Undergraduate Research: Andrea Gustavson on teaching undergraduates at the Harry Ransom Center

We love it when we can draw your attention to the awesome teaching our grad students do and the exciting research our undergraduates do. Today, we’d like to point you toward the Harry Ransom Center’s newsletter, Ransom Edition, where our very own Andrea Gustavson talks about her work teaching undergraduates in the archive. 

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Teacher Andrea Gustavson shares photography materials with undergraduate students in her class “American Images: Photography, Literature, Archive.” Photo by Robert V. Reichle.

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Undergraduate in the class “American Images: Photography, Literature, Archive.” Photo by Robert V. Reichle.

Here’s a taste of Gustavson’s article:

In the fall, I taught a class called “American Images: Photography, Literature, Archive” that made extensive use of the collections at the Ransom Center. Each week, the students and I explored the intersections between photography, literature, and archival theory using the Center’s primary materials as the foundation for our discussions. On Mondays and Wednesdays we met to discuss the week’s reading, closely reading passages or images and making connections to contemporary events. On Fridays the students had the opportunity to view rare manuscripts and photographs that illustrated, extended, and even challenged many of the concepts we had discussed earlier in the week. Over the course of the semester, the students worked within a variety of written genres as they built toward a final project for which they conducted their own original research.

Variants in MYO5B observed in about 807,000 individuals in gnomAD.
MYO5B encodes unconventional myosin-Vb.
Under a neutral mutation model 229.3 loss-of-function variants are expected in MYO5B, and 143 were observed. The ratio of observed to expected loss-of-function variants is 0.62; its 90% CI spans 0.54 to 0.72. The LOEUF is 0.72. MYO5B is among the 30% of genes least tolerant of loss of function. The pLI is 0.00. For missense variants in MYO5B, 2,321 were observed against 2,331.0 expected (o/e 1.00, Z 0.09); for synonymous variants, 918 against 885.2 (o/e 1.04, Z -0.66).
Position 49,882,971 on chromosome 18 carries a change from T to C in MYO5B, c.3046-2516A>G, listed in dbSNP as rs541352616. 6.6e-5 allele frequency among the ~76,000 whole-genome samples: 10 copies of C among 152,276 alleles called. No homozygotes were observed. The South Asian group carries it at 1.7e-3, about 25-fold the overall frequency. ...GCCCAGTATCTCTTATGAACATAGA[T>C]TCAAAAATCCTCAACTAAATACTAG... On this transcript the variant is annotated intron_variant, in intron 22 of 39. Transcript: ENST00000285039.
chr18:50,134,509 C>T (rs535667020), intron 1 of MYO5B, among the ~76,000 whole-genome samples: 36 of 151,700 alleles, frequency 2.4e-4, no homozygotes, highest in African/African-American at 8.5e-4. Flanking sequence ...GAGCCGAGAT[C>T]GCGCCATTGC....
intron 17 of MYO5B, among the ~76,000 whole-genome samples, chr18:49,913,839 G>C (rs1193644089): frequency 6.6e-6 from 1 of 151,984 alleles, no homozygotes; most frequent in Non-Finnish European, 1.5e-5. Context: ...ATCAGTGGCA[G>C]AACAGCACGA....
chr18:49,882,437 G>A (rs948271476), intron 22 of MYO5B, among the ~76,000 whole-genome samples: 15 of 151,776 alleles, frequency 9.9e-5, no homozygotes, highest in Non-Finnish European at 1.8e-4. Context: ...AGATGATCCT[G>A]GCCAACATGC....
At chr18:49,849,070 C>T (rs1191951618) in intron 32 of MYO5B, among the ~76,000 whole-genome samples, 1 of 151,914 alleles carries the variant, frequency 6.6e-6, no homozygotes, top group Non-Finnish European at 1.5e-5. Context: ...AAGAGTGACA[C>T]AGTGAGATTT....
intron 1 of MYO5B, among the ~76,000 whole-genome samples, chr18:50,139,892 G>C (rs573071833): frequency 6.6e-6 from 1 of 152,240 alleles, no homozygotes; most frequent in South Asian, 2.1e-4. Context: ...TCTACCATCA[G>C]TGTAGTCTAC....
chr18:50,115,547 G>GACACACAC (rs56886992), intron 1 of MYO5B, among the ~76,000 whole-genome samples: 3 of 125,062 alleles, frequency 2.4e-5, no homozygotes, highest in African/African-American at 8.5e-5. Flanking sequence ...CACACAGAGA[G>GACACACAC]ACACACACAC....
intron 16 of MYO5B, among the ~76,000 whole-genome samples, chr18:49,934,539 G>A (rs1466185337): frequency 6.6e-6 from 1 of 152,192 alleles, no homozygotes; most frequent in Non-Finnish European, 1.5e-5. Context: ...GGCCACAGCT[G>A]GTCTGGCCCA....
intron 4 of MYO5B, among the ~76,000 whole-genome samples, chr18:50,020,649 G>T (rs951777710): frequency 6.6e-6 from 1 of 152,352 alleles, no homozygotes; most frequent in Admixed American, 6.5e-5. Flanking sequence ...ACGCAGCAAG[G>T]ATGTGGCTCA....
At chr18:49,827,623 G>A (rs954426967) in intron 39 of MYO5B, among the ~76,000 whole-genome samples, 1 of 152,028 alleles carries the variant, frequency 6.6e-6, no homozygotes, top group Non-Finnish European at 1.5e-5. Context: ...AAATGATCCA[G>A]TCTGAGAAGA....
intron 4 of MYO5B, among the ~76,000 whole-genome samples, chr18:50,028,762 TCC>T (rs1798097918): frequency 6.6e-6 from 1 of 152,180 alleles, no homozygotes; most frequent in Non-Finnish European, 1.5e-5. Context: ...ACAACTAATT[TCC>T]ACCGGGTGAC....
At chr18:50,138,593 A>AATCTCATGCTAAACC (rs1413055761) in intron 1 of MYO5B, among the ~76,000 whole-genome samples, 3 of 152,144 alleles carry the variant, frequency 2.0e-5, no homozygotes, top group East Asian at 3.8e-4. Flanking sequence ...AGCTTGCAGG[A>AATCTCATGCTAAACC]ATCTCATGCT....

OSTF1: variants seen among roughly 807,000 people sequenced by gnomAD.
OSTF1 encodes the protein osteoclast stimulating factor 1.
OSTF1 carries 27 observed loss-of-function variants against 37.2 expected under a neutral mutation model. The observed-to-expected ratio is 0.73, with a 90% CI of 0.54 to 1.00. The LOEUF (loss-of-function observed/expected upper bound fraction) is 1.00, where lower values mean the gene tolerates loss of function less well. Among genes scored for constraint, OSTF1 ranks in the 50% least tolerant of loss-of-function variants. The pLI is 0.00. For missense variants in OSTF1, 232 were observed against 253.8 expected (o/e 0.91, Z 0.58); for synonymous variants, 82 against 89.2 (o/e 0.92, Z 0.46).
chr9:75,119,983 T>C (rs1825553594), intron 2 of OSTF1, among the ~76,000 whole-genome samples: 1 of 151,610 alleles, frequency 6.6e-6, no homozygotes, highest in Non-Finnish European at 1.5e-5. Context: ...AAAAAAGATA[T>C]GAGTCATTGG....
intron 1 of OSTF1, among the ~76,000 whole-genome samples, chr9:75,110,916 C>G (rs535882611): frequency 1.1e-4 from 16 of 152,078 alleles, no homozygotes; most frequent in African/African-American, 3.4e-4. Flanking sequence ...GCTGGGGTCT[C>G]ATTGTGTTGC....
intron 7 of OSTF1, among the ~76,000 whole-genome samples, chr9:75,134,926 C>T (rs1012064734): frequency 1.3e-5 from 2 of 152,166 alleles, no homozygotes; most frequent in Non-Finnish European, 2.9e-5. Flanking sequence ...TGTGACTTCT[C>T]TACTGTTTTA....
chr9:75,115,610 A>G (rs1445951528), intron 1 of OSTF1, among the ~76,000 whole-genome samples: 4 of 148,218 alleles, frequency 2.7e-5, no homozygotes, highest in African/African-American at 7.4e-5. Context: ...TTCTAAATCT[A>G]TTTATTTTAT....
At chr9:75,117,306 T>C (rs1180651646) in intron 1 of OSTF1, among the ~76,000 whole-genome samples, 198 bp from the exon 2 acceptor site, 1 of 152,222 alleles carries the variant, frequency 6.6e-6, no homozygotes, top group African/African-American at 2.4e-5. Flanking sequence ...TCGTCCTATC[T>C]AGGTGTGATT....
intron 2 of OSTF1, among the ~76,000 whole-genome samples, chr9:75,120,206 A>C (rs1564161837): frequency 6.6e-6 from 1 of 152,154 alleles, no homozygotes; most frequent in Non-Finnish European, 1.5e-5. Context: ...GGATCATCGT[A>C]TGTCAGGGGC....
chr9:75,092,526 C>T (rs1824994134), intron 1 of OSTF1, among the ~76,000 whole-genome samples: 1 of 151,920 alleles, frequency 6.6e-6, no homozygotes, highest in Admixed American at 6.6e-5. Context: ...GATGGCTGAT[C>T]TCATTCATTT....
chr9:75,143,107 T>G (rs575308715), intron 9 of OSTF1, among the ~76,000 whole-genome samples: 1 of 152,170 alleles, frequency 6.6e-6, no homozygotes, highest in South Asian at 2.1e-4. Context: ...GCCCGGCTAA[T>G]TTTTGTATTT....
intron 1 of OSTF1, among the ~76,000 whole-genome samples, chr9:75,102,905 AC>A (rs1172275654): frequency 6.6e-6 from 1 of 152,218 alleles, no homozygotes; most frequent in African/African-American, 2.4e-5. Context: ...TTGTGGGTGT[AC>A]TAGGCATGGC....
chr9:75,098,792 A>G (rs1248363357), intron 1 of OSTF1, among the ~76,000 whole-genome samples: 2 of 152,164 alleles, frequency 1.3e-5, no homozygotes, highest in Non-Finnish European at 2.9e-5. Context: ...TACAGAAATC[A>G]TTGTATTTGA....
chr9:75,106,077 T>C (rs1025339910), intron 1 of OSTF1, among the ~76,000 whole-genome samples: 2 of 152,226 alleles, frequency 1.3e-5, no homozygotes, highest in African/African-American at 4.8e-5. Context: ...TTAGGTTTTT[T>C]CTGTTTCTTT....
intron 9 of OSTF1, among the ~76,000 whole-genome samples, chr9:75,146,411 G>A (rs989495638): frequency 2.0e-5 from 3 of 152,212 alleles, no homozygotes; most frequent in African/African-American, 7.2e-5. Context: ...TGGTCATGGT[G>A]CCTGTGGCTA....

Check out the full article here.

Gustavson is a PhD candidate in American Studies here at UT and she worked as a graduate intern in Public Services and as a Graduate Research Assistant at the Ransom Center in 2010–2014.

Announcement: Julia Alvarez Speaks at UT Tonight!

Today! Acclaimed novelist, poet, and essayist Julia Alvarez will speak about her life and work with University of Texas at Austin professor, Dr. Jennifer M. Wilks, at 7:00 p.m. in Jessen Auditorium at Homer Rainey Hall. A book signing and reception will follow at the Harry Ransom Center. The event is sponsored by the Texas Institute for Literary and Textual Studies (TILTS) as part of their “Reading Race in Literature and Film” series. It is also sponsored by the Harry Ransom Center, where Alvarez’s archive resides.

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Here is a little more about Alvarez from TILTS:

Alvarez was born in New York City but raised in the Dominican Republic until she was 10. In 1960 her family was forced to flee the Dominican Republic when it was discovered that her father was involved in a plot to overthrow dictator Rafael Trujillo. Much of Alvarez’s work is considered semi-autobiographical, drawing on her experiences as an immigrant and her bicultural identity. Alvarez’s unique experiences have shaped and infused her writing—from such award-winning novels as How the Garcia Girls Lost Their Accents and In the Time of the Butterflies to her poetry.

Seating is limited, so get there early! Doors open at 6:30 p.m.

Announcement: Dr. Steve Hoelscher Speaks on “Reading Magnum” Tomorrow @ The Jones Center

Thursday evening, November 21, at The Contemporary Austin / The Jones Center (700 Congress Ave, downtown), Dr. Steve Hoelscher will be speaking about his most recent project, Reading Magnum: A Visual Archive of the Modern World. We spoke with Dr. Hoelscher a few weeks back about this exciting new book, and he was also featured recently on KUT. The Austin Center for Photography, UT Press, and The Contemporary Austin will host a book signing and reception Thursday from 5:00-7:00pm, and Dr. Hoelscher will offer remarks at 6:00pm.

-1Here’s a little info from the Austin Photography Center on the Magnum Photos archive and on Dr. Hoelscher’s’s important new book: